Egyptian protests continue into the night

Reuters/Asmaa Waguih

Thousands of demonstrators gathered in cities around Egypt for a sixth day of protests against President Hosni Mubarak. The death toll on Sunday evening was at least 125. As dusk fell on Sunday, Cairo's Tahrir Square was packed with protesters defying a curfew.► Protesters out again as Mubarak looks to appoint new government Protesters across Egypt defy curfew Violence escalates in Egypt as protesters torch ruling party HQ

  • Dissident Mohamed ElBaradei arrived near the centre of the protests in Cairo Sunday.
  • The National Coalition for Change, which includes several opposition movements including the banned Muslim Brotherhood, on Sunday charged ElBaradei with negotiating with Mubarak's regime.
  • Thousands of prisoners broke out of the Wadi Natrun jail north of Cairo overnight Saturday.
  • Prisoners also escaped several other prisons across Egypt.
  • At least two Egyptian fighter jets flew repeat low-altitude sorties over Cairo on Sunday. The warplanes flew in circles over the city, repeatedly passing over the heads of a crowd of tens of thousands of protesters.
  • Two mummies have been severely damaged in Cairo’s Museum of Antiquities.
  • The United States has started organising for its nationals to leave Egypt.
  • Al Jazeera’s Arabic television channel has been shut down in the country.
  • Many petrol stations are now running out of fuel.
  • Many bank cash machines have either been looted or are no longer working.
  • Egyptian banks and the stock exchange have been ordered closed on Sunday.
  • Mubarak on Saturday named military intelligence chief Omar Suleiman as his first-ever vice president.
  • Ahmed Shafiq was named as new prime minister.
  • On Saturday, 22 people died in the town of Beni Sueif, south of Cairo, where protesters tried to burn down a police station.
  • Another three protesters died in Cairo and three police were killed in the Sinai town of Rafah on Saturday.
  • The traditionally pro-Mubarak Al-Gomhouria newspaper carried the headline "Change" on Sunday.
  • The Rafah crossing between southern Gaza and Egypt was closed on Sunday.
  • An Azerbaijani embassy worker was killed in Cairo on Saturday evening.

At least eight inmates died in the Wadi Natrun escape, although there are reports that there are dozens of bodies lying outside the prison. Thirty four opposition Muslim Brotherhood members escaped.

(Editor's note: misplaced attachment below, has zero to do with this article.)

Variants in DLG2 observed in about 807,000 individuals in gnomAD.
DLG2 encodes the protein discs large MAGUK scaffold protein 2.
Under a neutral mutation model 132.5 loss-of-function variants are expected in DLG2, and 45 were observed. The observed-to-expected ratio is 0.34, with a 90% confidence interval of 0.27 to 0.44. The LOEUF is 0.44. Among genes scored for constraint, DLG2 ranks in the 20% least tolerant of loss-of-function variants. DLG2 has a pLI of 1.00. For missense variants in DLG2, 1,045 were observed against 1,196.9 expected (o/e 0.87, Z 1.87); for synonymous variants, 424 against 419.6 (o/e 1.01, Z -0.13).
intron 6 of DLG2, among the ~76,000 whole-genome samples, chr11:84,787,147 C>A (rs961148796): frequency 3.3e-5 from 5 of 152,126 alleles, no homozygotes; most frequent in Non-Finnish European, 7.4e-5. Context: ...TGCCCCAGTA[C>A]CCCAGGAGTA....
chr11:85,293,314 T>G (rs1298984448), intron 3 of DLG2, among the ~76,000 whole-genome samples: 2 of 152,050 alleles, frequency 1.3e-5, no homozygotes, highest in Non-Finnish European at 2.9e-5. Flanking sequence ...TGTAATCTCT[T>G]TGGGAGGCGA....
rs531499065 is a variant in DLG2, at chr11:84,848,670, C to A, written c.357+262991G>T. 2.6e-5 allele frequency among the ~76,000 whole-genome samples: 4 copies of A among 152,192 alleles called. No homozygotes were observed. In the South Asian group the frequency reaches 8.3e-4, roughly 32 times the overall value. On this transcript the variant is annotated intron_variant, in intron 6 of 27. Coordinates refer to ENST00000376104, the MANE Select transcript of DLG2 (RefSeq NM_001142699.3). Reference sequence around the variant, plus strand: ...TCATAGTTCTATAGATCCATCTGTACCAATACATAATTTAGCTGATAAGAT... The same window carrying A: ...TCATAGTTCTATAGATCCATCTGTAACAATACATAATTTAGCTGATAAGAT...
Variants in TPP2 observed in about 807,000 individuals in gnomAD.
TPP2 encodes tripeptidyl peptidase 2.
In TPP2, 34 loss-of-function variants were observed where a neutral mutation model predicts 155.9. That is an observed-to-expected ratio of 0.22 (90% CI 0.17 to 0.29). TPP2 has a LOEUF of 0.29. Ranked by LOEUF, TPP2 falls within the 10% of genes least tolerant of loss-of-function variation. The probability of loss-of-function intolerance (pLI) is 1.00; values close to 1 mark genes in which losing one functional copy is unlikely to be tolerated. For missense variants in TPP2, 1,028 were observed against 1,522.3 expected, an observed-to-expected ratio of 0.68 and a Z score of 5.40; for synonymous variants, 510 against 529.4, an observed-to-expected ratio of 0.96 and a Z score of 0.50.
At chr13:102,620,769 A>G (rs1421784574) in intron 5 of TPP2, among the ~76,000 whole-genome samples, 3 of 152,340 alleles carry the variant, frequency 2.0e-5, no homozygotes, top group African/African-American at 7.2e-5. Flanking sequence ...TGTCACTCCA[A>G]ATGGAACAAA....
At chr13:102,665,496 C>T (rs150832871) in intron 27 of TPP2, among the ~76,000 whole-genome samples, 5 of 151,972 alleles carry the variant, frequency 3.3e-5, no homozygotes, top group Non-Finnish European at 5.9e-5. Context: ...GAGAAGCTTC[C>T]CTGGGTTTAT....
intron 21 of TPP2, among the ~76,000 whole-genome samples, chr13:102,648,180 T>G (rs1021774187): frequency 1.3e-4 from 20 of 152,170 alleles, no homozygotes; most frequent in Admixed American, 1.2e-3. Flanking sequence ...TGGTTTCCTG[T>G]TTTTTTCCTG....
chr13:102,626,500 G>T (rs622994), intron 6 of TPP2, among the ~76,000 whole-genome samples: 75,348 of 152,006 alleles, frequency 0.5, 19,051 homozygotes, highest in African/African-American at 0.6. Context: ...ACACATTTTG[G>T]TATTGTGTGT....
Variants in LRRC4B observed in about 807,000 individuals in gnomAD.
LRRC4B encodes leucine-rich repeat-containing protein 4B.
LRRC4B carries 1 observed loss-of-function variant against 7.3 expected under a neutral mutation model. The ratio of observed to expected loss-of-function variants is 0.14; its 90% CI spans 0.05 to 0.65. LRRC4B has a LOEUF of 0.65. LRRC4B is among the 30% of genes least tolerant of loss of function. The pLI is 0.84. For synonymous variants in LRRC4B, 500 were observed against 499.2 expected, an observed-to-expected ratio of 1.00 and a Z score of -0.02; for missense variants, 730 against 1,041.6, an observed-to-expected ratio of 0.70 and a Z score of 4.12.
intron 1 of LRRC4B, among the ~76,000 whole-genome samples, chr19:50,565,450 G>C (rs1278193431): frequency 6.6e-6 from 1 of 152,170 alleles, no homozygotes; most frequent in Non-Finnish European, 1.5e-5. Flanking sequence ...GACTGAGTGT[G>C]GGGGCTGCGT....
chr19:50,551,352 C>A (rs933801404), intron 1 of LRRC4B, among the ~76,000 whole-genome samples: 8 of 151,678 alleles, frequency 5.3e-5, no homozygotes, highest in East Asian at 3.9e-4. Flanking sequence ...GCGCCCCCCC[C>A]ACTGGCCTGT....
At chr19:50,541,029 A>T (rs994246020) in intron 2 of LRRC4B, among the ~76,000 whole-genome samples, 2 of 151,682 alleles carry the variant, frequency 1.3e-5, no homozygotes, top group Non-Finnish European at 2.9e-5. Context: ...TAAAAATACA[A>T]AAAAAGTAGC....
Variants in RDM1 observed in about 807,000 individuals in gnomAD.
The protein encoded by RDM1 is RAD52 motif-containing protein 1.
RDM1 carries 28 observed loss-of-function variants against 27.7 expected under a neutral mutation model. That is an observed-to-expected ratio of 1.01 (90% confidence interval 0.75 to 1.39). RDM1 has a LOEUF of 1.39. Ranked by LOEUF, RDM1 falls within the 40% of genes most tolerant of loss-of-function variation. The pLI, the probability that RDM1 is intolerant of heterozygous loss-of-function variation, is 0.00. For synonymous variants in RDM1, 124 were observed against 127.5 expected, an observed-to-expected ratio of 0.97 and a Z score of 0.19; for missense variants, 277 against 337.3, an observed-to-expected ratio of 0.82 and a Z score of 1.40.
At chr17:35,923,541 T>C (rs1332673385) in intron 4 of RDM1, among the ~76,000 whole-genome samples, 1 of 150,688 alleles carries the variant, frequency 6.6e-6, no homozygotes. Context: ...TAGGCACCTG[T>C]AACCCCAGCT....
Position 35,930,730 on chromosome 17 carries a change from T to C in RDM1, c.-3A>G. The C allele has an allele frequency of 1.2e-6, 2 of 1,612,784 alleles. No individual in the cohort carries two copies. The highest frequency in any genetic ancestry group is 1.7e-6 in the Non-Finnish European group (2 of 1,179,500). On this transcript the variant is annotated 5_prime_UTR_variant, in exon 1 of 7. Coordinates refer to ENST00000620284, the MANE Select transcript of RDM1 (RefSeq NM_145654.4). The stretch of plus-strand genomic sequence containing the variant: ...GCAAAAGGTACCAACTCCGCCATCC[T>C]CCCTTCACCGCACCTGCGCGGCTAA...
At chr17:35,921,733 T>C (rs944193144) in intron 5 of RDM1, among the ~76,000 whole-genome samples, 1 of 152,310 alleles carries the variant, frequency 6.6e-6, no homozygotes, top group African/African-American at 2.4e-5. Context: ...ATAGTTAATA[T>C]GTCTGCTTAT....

Prisoners also escaped several other prisons across Egypt.

Cairo’s Tahrir Square was packed with protesters on Sunday afternoon. Army tanks are guarding key buildings.

New vice President Omar Suleiman, has been a leading figure in Egyptian efforts to secure an Israeli-Palestinian peace deal.

Ahmed Shafiq, the new prime minister, is respected among the opposition, and has often been mooted as a potential successor to Mubarak.

On Sunday, Egypt's outgoing information minister Anas al-Fikki ordered the closure of Al Jazeera's operations in Egypt after the channel gave blanket coverage to the riots.

Israeli Prime Minister Benjamin Netanyahu said in Jerusalem on Sunday that Israel is carefully watching developments in Egypt and its efforts are focused on maintaining the "stability and security" of the region.

UN Secretary General Ban Ki-moon meanwhile called for "restraint, non-violence and respect for fundamental rights" in Egypt, addressing the African Union summit that opened in Addis Ababa.

President Barack Obama gathered his national security team at the White House for a session lasting just over an hour on latest developments in Egypt on Saturday.

Many countries have warned against all but essential travel to Egypt.

Gazans are stockpiling fuel over fears that supplies from Egypt, which are brought in through smuggling tunnels, could be halted by the political unrest gripping the country.

Passage of goods through the cross-border tunnels has been halted since Friday.

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